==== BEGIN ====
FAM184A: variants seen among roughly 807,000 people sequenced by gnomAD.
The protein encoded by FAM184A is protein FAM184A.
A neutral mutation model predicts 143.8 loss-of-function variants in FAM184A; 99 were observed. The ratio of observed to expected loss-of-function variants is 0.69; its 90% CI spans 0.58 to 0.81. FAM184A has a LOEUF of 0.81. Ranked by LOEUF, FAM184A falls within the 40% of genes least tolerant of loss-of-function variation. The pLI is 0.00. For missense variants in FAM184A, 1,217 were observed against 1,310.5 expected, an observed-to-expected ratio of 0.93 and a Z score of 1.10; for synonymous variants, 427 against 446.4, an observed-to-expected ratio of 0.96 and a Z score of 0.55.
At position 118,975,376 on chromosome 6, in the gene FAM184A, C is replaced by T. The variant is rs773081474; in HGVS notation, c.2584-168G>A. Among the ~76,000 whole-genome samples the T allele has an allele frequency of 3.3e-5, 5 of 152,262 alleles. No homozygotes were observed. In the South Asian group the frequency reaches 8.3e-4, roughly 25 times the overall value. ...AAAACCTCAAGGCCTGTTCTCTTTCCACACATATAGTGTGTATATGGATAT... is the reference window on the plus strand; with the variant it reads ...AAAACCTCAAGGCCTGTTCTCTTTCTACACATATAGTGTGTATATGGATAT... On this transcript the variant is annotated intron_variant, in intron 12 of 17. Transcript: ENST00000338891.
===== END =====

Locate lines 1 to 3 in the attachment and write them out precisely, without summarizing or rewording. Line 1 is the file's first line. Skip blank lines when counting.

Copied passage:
FAM184A: variants seen among roughly 807,000 people sequenced by gnomAD.
The protein encoded by FAM184A is protein FAM184A.
A neutral mutation model predicts 143.8 loss-of-function variants in FAM184A; 99 were observed. The ratio of observed to expected loss-of-function variants is 0.69; its 90% CI spans 0.58 to 0.81. FAM184A has a LOEUF of 0.81. Ranked by LOEUF, FAM184A falls within the 40% of genes least tolerant of loss-of-function variation. The pLI is 0.00. For missense variants in FAM184A, 1,217 were observed against 1,310.5 expected, an observed-to-expected ratio of 0.93 and a Z score of 1.10; for synonymous variants, 427 against 446.4, an observed-to-expected ratio of 0.96 and a Z score of 0.55.